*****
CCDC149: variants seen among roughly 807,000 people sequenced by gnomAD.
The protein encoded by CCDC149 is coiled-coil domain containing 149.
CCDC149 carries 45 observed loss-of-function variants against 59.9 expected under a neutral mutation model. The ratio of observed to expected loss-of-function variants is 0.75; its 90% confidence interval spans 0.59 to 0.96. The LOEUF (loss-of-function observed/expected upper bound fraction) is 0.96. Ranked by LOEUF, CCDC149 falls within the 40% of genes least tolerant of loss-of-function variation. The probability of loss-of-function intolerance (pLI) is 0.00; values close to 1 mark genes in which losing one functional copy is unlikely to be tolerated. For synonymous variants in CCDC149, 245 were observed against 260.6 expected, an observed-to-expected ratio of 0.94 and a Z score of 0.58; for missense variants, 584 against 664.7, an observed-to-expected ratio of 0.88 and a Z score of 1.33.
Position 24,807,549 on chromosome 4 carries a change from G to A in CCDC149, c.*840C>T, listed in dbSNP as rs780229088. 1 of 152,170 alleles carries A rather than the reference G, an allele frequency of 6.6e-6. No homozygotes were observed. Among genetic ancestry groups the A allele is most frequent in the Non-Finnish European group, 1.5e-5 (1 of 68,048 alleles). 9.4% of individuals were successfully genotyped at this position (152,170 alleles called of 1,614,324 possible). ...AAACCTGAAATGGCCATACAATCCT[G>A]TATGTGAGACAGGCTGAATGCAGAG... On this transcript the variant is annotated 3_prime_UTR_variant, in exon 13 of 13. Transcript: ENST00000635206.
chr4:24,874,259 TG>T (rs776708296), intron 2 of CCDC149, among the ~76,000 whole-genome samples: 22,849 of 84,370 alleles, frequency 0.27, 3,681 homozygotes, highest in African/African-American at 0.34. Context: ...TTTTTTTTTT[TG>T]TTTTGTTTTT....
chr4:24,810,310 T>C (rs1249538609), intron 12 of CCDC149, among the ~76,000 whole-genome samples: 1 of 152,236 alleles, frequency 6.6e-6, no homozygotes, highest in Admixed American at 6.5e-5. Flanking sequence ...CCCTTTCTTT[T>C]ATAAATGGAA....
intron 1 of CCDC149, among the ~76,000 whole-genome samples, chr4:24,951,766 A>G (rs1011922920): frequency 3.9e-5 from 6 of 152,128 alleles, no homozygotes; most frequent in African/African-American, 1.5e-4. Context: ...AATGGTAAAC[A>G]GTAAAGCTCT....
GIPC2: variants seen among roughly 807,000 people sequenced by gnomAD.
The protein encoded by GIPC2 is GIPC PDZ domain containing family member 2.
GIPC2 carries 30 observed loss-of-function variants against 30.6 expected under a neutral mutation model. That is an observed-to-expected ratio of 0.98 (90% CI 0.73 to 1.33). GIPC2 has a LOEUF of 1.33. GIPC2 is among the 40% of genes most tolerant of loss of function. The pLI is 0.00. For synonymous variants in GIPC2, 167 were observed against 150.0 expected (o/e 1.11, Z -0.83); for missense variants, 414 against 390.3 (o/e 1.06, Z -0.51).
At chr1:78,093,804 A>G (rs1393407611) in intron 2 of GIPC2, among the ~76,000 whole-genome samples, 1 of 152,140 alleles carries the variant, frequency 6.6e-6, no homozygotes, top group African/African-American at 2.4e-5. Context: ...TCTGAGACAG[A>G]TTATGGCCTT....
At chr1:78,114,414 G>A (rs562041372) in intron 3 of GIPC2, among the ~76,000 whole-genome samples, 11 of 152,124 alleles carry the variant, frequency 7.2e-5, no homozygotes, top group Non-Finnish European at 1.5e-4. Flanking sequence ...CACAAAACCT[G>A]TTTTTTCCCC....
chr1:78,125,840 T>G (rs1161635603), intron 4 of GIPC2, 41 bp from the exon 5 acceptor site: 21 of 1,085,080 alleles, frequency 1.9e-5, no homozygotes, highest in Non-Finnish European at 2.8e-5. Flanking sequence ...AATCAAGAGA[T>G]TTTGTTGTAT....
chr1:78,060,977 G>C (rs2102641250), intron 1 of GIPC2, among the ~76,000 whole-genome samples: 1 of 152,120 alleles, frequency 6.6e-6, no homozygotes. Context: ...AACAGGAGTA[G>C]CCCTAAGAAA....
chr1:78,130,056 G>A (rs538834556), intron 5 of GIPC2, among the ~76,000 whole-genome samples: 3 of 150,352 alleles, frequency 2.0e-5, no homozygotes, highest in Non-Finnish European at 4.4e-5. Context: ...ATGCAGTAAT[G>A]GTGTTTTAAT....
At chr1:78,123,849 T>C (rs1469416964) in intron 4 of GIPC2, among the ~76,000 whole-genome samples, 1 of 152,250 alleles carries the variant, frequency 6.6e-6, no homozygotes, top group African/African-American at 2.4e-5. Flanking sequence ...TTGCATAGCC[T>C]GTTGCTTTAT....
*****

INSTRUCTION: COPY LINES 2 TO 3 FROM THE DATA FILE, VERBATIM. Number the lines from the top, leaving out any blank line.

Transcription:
The protein encoded by CCDC149 is coiled-coil domain containing 149.
CCDC149 carries 45 observed loss-of-function variants against 59.9 expected under a neutral mutation model. The ratio of observed to expected loss-of-function variants is 0.75; its 90% confidence interval spans 0.59 to 0.96. The LOEUF (loss-of-function observed/expected upper bound fraction) is 0.96. Ranked by LOEUF, CCDC149 falls within the 40% of genes least tolerant of loss-of-function variation. The probability of loss-of-function intolerance (pLI) is 0.00; values close to 1 mark genes in which losing one functional copy is unlikely to be tolerated. For synonymous variants in CCDC149, 245 were observed against 260.6 expected, an observed-to-expected ratio of 0.94 and a Z score of 0.58; for missense variants, 584 against 664.7, an observed-to-expected ratio of 0.88 and a Z score of 1.33.